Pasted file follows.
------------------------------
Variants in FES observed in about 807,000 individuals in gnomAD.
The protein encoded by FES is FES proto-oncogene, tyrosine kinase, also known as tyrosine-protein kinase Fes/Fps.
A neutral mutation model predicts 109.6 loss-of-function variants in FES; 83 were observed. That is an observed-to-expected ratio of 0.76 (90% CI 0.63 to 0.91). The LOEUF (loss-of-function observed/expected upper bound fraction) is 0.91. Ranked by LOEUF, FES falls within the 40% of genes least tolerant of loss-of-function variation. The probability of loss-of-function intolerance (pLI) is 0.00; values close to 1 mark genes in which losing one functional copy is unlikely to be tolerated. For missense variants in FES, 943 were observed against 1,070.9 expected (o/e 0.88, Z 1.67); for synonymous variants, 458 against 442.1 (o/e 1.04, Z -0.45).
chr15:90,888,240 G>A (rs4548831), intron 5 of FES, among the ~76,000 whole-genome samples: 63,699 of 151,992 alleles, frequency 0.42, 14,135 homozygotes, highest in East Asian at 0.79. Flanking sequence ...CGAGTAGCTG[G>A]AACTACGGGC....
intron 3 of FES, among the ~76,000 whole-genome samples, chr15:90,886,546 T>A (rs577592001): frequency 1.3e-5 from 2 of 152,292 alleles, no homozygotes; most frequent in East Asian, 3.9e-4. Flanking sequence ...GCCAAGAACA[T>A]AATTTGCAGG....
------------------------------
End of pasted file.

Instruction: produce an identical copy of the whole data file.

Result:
Variants in FES observed in about 807,000 individuals in gnomAD.
The protein encoded by FES is FES proto-oncogene, tyrosine kinase, also known as tyrosine-protein kinase Fes/Fps.
A neutral mutation model predicts 109.6 loss-of-function variants in FES; 83 were observed. That is an observed-to-expected ratio of 0.76 (90% CI 0.63 to 0.91). The LOEUF (loss-of-function observed/expected upper bound fraction) is 0.91. Ranked by LOEUF, FES falls within the 40% of genes least tolerant of loss-of-function variation. The probability of loss-of-function intolerance (pLI) is 0.00; values close to 1 mark genes in which losing one functional copy is unlikely to be tolerated. For missense variants in FES, 943 were observed against 1,070.9 expected (o/e 0.88, Z 1.67); for synonymous variants, 458 against 442.1 (o/e 1.04, Z -0.45).
chr15:90,888,240 G>A (rs4548831), intron 5 of FES, among the ~76,000 whole-genome samples: 63,699 of 151,992 alleles, frequency 0.42, 14,135 homozygotes, highest in East Asian at 0.79. Flanking sequence ...CGAGTAGCTG[G>A]AACTACGGGC....
intron 3 of FES, among the ~76,000 whole-genome samples, chr15:90,886,546 T>A (rs577592001): frequency 1.3e-5 from 2 of 152,292 alleles, no homozygotes; most frequent in East Asian, 3.9e-4. Flanking sequence ...GCCAAGAACA[T>A]AATTTGCAGG....